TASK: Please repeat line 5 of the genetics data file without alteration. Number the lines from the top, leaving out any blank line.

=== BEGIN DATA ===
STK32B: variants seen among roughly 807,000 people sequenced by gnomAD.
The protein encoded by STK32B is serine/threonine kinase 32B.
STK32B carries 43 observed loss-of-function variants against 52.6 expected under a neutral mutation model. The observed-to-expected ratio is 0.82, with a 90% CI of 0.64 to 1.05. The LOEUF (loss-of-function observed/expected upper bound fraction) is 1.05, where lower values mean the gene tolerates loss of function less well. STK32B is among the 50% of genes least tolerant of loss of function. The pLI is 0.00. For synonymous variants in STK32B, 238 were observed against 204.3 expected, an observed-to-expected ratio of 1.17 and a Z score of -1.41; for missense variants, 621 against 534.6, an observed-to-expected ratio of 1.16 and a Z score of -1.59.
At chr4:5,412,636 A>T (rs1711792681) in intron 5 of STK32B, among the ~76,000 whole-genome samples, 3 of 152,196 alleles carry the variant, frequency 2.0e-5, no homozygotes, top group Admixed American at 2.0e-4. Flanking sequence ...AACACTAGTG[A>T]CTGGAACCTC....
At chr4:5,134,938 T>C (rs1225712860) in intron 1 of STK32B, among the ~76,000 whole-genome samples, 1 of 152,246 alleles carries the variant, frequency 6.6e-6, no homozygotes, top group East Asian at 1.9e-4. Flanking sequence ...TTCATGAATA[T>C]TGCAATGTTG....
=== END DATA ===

At chr4:5,134,938 T>C (rs1225712860) in intron 1 of STK32B, among the ~76,000 whole-genome samples, 1 of 152,246 alleles carries the variant, frequency 6.6e-6, no homozygotes, top group East Asian at 1.9e-4. Flanking sequence ...TTCATGAATA[T>C]TGCAATGTTG....